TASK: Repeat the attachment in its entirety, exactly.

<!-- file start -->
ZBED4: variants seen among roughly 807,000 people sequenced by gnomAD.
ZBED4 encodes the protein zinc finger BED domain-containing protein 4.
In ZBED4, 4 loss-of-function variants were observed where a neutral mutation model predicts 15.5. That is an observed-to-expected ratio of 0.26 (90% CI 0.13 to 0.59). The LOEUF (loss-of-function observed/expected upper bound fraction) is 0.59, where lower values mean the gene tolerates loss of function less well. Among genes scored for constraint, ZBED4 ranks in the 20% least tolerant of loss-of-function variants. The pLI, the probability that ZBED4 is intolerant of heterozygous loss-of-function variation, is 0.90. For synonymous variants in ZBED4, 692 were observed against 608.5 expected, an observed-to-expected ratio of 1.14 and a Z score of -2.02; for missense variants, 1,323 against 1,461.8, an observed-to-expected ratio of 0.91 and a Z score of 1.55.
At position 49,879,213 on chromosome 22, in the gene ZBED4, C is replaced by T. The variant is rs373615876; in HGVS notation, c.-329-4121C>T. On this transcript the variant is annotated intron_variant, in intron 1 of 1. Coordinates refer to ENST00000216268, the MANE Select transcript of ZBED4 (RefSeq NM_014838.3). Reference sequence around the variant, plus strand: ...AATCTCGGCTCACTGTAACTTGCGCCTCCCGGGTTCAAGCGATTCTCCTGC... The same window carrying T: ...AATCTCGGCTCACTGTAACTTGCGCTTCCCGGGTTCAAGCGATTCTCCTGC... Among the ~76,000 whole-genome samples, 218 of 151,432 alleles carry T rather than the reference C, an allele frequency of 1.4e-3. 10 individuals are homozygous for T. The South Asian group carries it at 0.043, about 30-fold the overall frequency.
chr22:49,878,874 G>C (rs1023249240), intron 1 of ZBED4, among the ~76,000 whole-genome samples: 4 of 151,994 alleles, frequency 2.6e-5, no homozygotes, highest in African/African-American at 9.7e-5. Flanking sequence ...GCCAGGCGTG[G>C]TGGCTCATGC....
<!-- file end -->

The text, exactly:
ZBED4: variants seen among roughly 807,000 people sequenced by gnomAD.
ZBED4 encodes the protein zinc finger BED domain-containing protein 4.
In ZBED4, 4 loss-of-function variants were observed where a neutral mutation model predicts 15.5. That is an observed-to-expected ratio of 0.26 (90% CI 0.13 to 0.59). The LOEUF (loss-of-function observed/expected upper bound fraction) is 0.59, where lower values mean the gene tolerates loss of function less well. Among genes scored for constraint, ZBED4 ranks in the 20% least tolerant of loss-of-function variants. The pLI, the probability that ZBED4 is intolerant of heterozygous loss-of-function variation, is 0.90. For synonymous variants in ZBED4, 692 were observed against 608.5 expected, an observed-to-expected ratio of 1.14 and a Z score of -2.02; for missense variants, 1,323 against 1,461.8, an observed-to-expected ratio of 0.91 and a Z score of 1.55.
At position 49,879,213 on chromosome 22, in the gene ZBED4, C is replaced by T. The variant is rs373615876; in HGVS notation, c.-329-4121C>T. On this transcript the variant is annotated intron_variant, in intron 1 of 1. Coordinates refer to ENST00000216268, the MANE Select transcript of ZBED4 (RefSeq NM_014838.3). Reference sequence around the variant, plus strand: ...AATCTCGGCTCACTGTAACTTGCGCCTCCCGGGTTCAAGCGATTCTCCTGC... The same window carrying T: ...AATCTCGGCTCACTGTAACTTGCGCTTCCCGGGTTCAAGCGATTCTCCTGC... Among the ~76,000 whole-genome samples, 218 of 151,432 alleles carry T rather than the reference C, an allele frequency of 1.4e-3. 10 individuals are homozygous for T. The South Asian group carries it at 0.043, about 30-fold the overall frequency.
chr22:49,878,874 G>C (rs1023249240), intron 1 of ZBED4, among the ~76,000 whole-genome samples: 4 of 151,994 alleles, frequency 2.6e-5, no homozygotes, highest in African/African-American at 9.7e-5. Flanking sequence ...GCCAGGCGTG[G>C]TGGCTCATGC....